The presidents of Spanish companies stand out for their fear of the impact on their accounts of government regulations, according to the traditional survey among heads of multinationals with which the World Economic Forum begins its annual edition in the Swiss town of Davos.

When asked what are the main risks for their company in the next ten years, the average of the more than 4,000 businessmen surveyed places changes in consumer demand first,

but the Spanish place the main challenge for their profitability " regulation"


70% of Spanish executives are afraid of government regulations, while the international average is 52%, according to the survey carried out by the multinational consulting firm PwC for a quarter of a century.

In contrast, the Prime Minister,

Pedro Sánchez

, has organized an intense schedule of contacts in Davos with multinationals to try to attract investment through European funds.

Where there is no marked difference in perception in the survey is in the pessimism with which they all face the year.

73% of the world's top executives -and 76% of Spaniards- predict a worsening of the economic situation in 2023


"CEOs are extremely pessimistic about the economic situation this year in a dramatic change compared to 2022," says PwC in its study.

In fact, it is the most pessimistic attitude in the last twelve years, that is, since the last financial crisis.


The good news is that this loss of optimism will not translate, according to the survey, into job cuts.

60% of employers say they are not considering reducing their workforce

and 80% do not plan to try to lower the salaries of their employees.

Most say the best defense is to transform the business, cut costs, improve productivity and diversify your revenue streams.

But they predict a demanding year in which confidence in the survey plummets 26% compared to last year.

"In Spain, the percentage of managers who are completely confident in meeting their revenue targets has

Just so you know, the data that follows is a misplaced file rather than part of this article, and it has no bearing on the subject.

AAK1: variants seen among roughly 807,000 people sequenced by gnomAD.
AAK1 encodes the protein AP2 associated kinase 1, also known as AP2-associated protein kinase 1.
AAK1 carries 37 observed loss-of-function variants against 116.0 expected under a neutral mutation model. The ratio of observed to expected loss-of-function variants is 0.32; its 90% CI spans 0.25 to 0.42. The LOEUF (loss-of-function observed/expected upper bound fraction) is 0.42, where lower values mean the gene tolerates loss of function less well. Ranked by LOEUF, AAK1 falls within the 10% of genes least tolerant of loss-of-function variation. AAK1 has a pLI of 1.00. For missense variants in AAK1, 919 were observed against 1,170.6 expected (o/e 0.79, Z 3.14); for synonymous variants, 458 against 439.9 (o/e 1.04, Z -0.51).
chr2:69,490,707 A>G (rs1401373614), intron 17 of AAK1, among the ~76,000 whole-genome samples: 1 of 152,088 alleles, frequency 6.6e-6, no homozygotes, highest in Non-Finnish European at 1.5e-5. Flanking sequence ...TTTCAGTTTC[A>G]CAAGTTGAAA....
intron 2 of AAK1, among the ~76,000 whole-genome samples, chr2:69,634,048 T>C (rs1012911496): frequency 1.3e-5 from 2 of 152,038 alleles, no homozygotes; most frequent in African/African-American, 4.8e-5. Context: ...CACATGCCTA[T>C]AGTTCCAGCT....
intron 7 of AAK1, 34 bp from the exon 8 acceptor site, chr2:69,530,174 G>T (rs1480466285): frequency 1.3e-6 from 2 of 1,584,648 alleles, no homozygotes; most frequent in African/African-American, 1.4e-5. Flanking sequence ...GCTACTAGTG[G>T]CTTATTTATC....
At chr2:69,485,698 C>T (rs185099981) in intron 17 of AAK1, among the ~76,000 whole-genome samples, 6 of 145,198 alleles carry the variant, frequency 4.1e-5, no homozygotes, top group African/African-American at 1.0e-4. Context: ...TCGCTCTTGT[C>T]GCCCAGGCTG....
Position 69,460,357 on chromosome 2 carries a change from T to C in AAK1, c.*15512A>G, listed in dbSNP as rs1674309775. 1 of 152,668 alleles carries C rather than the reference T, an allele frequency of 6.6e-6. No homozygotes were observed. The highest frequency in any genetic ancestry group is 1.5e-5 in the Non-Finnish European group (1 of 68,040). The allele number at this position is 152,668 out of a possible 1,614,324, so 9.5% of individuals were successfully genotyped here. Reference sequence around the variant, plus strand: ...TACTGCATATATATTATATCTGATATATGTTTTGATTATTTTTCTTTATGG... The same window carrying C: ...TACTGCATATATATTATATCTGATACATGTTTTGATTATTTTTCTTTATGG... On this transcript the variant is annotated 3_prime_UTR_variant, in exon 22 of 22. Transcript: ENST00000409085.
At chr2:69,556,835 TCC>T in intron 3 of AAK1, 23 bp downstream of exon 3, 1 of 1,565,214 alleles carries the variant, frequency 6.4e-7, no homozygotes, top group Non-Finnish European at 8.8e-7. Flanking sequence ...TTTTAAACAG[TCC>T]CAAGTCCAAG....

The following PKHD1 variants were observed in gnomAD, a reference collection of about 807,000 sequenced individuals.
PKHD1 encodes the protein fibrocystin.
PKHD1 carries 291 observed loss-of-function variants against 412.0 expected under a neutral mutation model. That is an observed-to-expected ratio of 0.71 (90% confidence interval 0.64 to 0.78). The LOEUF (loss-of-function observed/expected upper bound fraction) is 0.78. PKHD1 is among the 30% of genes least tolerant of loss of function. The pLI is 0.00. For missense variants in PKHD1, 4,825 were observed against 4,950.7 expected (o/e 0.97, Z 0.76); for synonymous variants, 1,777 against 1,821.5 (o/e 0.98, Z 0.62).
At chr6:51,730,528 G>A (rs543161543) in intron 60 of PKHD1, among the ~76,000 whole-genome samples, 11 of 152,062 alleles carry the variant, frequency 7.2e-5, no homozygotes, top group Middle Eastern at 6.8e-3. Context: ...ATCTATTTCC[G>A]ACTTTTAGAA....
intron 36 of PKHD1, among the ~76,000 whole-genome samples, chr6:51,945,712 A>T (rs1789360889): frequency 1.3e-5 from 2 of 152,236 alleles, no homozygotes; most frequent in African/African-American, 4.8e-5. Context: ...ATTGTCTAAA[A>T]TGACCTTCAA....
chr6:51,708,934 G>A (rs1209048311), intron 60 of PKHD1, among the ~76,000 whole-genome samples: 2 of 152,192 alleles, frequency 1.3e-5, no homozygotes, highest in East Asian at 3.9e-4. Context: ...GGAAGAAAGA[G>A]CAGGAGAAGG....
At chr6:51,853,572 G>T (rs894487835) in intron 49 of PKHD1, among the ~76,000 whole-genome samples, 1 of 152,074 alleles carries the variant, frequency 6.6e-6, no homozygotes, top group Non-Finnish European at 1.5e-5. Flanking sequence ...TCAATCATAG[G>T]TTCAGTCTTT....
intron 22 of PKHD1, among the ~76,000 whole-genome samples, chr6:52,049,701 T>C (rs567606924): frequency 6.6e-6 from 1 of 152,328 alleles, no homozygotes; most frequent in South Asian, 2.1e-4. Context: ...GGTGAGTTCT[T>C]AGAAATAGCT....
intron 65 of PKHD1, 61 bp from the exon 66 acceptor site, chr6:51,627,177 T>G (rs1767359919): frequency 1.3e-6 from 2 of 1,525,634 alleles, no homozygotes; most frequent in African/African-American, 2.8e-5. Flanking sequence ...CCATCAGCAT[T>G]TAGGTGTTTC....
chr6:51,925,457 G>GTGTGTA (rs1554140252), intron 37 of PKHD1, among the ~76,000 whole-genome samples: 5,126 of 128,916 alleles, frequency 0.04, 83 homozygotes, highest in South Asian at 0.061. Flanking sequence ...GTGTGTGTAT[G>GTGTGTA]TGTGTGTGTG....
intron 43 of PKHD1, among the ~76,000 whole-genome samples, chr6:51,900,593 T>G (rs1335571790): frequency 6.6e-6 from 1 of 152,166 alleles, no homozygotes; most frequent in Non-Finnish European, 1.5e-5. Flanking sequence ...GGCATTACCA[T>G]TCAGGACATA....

fallen from 64% to 26% compared to last year," summarizes the consultant


The change in what they consider to be the main dangers of the year is also striking.

The cybersecurity and health that stood out in 2022 have given way to inflation, economic volatility and geopolitical conflicts with a special focus on Ukraine.

Climate change is not even in the top five.

A novelty in the survey is the question of how much the businessman estimates the average life of his company will be and the answer is tremendous:

40% believe that their companies will cease to be viable in ten years if there is no change in the environment.

It does not matter if they are technological, industrial, health or telecommunications companies, the percentage of fear of loss of viability is similar to the world average.

The pessimism of this survey coincides with another published this Monday by the Davos Forum carried out among economists from large public and multinational organizations.

The result is that more than 60% of the heads of study services foresee a global recession in 2023.

18% even consider it "extremely likely" twice as much as four months ago


Only a third of those surveyed saw it as unlikely this year.

In view of the data, the managing director of the Forum,

Saadia Zahidi

, argues that "the current environment of high inflation, low growth, high indebtedness and great fragmentation reduces the incentives for the investments necessary to return to growth and raise the levels of lives of the world's most vulnerable".

There is confidence among those surveyed that inflation is reaching its ceiling, but the majority bet that the contral banks will continue with their policy of raising interest rates.

Beyond these short-term problems, the dominant concern in the current edition of the Forum is

the fragmentation of globalization: the formation of blocs that put an end to the advances of

previous decades.

The managing director of the International Monetary Fund,

Kristalina Georgieva

, warns in a letter addressed to the Forum that this new 'cold war' may cost the world economy between 7 and 12% of the Gross Domestic Product, depending on the country, if the fragmentation is "severe".

According to the criteria of The Trust Project

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